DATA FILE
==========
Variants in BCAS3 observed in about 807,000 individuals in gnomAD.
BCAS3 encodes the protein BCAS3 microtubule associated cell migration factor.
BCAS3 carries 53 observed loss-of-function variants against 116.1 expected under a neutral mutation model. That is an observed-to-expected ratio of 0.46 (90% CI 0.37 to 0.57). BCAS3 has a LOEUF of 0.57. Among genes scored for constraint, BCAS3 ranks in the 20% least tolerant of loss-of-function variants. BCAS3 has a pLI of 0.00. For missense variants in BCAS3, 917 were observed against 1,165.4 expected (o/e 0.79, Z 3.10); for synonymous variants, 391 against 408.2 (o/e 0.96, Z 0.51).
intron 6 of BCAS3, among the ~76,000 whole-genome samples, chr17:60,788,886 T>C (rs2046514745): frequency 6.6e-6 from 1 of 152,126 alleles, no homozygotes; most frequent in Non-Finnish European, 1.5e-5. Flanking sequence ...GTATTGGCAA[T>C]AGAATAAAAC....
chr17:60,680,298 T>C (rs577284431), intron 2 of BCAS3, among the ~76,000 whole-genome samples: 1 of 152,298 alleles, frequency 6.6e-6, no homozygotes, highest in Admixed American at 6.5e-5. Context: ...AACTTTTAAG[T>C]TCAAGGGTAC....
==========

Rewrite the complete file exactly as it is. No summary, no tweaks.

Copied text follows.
Variants in BCAS3 observed in about 807,000 individuals in gnomAD.
BCAS3 encodes the protein BCAS3 microtubule associated cell migration factor.
BCAS3 carries 53 observed loss-of-function variants against 116.1 expected under a neutral mutation model. That is an observed-to-expected ratio of 0.46 (90% CI 0.37 to 0.57). BCAS3 has a LOEUF of 0.57. Among genes scored for constraint, BCAS3 ranks in the 20% least tolerant of loss-of-function variants. BCAS3 has a pLI of 0.00. For missense variants in BCAS3, 917 were observed against 1,165.4 expected (o/e 0.79, Z 3.10); for synonymous variants, 391 against 408.2 (o/e 0.96, Z 0.51).
intron 6 of BCAS3, among the ~76,000 whole-genome samples, chr17:60,788,886 T>C (rs2046514745): frequency 6.6e-6 from 1 of 152,126 alleles, no homozygotes; most frequent in Non-Finnish European, 1.5e-5. Flanking sequence ...GTATTGGCAA[T>C]AGAATAAAAC....
chr17:60,680,298 T>C (rs577284431), intron 2 of BCAS3, among the ~76,000 whole-genome samples: 1 of 152,298 alleles, frequency 6.6e-6, no homozygotes, highest in Admixed American at 6.5e-5. Context: ...AACTTTTAAG[T>C]TCAAGGGTAC....